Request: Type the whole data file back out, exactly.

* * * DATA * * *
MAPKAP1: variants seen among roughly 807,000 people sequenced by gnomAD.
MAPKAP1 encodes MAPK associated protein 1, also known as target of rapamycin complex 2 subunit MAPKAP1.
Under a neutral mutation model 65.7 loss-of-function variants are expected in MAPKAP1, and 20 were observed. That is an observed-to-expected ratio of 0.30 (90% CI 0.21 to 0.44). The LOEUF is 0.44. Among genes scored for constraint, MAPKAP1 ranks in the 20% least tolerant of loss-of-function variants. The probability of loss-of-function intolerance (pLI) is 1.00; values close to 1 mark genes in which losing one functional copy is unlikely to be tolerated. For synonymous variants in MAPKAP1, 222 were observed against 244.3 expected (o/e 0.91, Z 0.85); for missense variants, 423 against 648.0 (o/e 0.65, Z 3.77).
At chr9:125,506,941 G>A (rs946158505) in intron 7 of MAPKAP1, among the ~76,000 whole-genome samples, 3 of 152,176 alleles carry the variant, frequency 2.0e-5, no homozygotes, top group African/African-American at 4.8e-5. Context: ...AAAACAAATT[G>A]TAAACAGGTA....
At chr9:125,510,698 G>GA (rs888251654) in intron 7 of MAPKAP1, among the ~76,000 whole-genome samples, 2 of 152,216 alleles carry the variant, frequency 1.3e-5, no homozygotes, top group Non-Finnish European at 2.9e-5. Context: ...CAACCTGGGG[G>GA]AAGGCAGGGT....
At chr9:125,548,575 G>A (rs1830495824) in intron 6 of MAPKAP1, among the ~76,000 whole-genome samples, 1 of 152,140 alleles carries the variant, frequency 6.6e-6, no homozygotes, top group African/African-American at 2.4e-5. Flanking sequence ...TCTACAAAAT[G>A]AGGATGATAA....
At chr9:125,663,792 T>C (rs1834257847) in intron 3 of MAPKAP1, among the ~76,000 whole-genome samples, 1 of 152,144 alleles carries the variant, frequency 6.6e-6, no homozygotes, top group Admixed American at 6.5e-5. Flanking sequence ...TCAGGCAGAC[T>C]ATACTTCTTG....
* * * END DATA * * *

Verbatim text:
MAPKAP1: variants seen among roughly 807,000 people sequenced by gnomAD.
MAPKAP1 encodes MAPK associated protein 1, also known as target of rapamycin complex 2 subunit MAPKAP1.
Under a neutral mutation model 65.7 loss-of-function variants are expected in MAPKAP1, and 20 were observed. That is an observed-to-expected ratio of 0.30 (90% CI 0.21 to 0.44). The LOEUF is 0.44. Among genes scored for constraint, MAPKAP1 ranks in the 20% least tolerant of loss-of-function variants. The probability of loss-of-function intolerance (pLI) is 1.00; values close to 1 mark genes in which losing one functional copy is unlikely to be tolerated. For synonymous variants in MAPKAP1, 222 were observed against 244.3 expected (o/e 0.91, Z 0.85); for missense variants, 423 against 648.0 (o/e 0.65, Z 3.77).
At chr9:125,506,941 G>A (rs946158505) in intron 7 of MAPKAP1, among the ~76,000 whole-genome samples, 3 of 152,176 alleles carry the variant, frequency 2.0e-5, no homozygotes, top group African/African-American at 4.8e-5. Context: ...AAAACAAATT[G>A]TAAACAGGTA....
At chr9:125,510,698 G>GA (rs888251654) in intron 7 of MAPKAP1, among the ~76,000 whole-genome samples, 2 of 152,216 alleles carry the variant, frequency 1.3e-5, no homozygotes, top group Non-Finnish European at 2.9e-5. Context: ...CAACCTGGGG[G>GA]AAGGCAGGGT....
At chr9:125,548,575 G>A (rs1830495824) in intron 6 of MAPKAP1, among the ~76,000 whole-genome samples, 1 of 152,140 alleles carries the variant, frequency 6.6e-6, no homozygotes, top group African/African-American at 2.4e-5. Flanking sequence ...TCTACAAAAT[G>A]AGGATGATAA....
At chr9:125,663,792 T>C (rs1834257847) in intron 3 of MAPKAP1, among the ~76,000 whole-genome samples, 1 of 152,144 alleles carries the variant, frequency 6.6e-6, no homozygotes, top group Admixed American at 6.5e-5. Flanking sequence ...TCAGGCAGAC[T>C]ATACTTCTTG....